A racist hate incident is any incident where you or someone else has been targeted because of your membership or presumed membership of an ethnic group.
Race crime doesn’t just mean when someone becomes a victim because of the colour of their skin. It also includes nationality, culture and language.
No two hate incidents are the same but they may include the following:
- Verbal abuse and name-calling
- Physical attack
- Graffiti or other deliberate damage to property
- Written or recorded threats
- Cyber Bullying
If you see someone getting hassled, and you think it is because
their race, ethnicity, nationality, culture or language you can report
it as an incident, even if the victim has not done so.
In October 2014, the Home Office produced ‘Hate Crimes, England and Wales, 2013/14’. There were 44,480 hate crimes recorded by the Police in England and Wales, 37,484 of this were race hate crimes.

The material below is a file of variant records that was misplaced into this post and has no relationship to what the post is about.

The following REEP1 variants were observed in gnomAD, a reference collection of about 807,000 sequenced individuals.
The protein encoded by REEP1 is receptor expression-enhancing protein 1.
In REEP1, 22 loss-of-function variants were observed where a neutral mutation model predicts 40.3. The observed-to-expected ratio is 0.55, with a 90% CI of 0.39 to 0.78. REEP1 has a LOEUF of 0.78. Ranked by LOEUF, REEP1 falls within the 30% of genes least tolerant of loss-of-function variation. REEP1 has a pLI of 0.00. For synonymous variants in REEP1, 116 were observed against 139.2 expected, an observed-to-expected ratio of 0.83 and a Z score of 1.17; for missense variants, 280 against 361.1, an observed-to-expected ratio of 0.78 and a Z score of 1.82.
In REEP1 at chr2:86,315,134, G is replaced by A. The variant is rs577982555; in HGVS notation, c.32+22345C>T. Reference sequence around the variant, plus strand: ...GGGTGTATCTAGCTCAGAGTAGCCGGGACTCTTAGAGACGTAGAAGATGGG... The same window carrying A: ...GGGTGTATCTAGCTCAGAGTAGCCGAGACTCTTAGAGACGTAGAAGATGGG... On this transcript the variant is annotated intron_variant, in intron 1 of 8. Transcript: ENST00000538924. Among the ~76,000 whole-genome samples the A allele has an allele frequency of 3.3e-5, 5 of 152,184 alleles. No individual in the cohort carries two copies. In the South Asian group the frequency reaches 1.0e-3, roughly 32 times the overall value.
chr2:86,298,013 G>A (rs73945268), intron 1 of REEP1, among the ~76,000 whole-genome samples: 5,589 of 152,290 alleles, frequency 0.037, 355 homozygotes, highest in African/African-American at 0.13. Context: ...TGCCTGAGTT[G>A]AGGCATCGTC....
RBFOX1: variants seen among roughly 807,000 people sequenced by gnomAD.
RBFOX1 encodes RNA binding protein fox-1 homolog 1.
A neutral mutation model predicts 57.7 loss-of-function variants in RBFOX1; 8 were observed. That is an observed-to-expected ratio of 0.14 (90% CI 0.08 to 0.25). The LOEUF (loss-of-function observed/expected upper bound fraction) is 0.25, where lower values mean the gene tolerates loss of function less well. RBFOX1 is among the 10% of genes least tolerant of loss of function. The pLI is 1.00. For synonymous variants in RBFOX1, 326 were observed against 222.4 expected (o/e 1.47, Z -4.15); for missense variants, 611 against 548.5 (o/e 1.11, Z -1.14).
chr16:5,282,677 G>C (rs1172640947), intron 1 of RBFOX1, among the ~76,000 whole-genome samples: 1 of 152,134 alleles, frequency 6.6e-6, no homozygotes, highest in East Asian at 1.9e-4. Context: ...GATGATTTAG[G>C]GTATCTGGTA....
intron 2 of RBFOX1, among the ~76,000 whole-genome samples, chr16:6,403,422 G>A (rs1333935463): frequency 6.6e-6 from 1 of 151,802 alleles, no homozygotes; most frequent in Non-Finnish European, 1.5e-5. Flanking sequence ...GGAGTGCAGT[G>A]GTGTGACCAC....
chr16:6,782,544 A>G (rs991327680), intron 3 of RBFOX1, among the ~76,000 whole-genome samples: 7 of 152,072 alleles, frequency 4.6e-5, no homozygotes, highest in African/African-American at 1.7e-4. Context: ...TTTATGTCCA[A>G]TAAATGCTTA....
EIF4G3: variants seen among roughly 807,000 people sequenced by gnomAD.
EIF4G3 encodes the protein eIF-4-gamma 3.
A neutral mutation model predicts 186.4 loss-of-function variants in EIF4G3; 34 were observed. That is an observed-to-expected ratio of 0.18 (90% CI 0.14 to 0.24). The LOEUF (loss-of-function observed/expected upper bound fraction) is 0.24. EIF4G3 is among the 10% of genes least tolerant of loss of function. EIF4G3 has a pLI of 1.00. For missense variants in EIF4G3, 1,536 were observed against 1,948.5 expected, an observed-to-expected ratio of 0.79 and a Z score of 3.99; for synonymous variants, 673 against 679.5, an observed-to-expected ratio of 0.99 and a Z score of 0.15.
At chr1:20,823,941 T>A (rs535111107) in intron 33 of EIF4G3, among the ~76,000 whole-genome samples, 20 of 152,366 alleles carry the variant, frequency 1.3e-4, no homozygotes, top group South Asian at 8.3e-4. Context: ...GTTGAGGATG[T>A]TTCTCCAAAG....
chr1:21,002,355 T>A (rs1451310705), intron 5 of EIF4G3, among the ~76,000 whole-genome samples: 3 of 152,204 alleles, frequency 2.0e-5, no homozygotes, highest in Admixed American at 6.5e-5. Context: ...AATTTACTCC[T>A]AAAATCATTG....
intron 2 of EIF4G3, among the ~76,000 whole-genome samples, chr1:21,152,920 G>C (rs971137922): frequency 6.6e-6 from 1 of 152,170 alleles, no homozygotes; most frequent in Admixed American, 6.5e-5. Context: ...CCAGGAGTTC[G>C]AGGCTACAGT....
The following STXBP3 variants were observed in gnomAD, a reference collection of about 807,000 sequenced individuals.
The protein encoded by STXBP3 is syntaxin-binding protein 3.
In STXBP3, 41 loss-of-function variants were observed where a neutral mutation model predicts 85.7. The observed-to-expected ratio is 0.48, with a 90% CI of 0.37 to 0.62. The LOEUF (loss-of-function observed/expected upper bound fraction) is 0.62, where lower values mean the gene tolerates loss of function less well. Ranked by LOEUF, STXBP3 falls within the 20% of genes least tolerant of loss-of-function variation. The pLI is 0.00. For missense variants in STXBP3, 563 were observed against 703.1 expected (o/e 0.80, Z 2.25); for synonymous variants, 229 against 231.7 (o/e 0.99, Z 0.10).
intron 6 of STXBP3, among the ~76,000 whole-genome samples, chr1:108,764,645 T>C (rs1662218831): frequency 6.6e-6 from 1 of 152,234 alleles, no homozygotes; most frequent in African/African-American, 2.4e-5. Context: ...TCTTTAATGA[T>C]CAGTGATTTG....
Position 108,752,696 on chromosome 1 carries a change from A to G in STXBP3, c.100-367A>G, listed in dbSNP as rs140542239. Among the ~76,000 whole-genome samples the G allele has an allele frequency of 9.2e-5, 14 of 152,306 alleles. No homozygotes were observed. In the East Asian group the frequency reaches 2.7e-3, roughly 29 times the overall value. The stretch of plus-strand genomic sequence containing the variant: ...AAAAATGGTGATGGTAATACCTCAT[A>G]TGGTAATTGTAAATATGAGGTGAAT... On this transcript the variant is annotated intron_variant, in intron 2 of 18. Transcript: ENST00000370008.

These incidents don’t just affect the lives of those involved but affect their friends, their families, and every part of the local community.
If hate incidents are not reported, the bullies, bigots and thugs will feel their behaviour is totally acceptable and that they can continue to abuse people whenever they feel like it.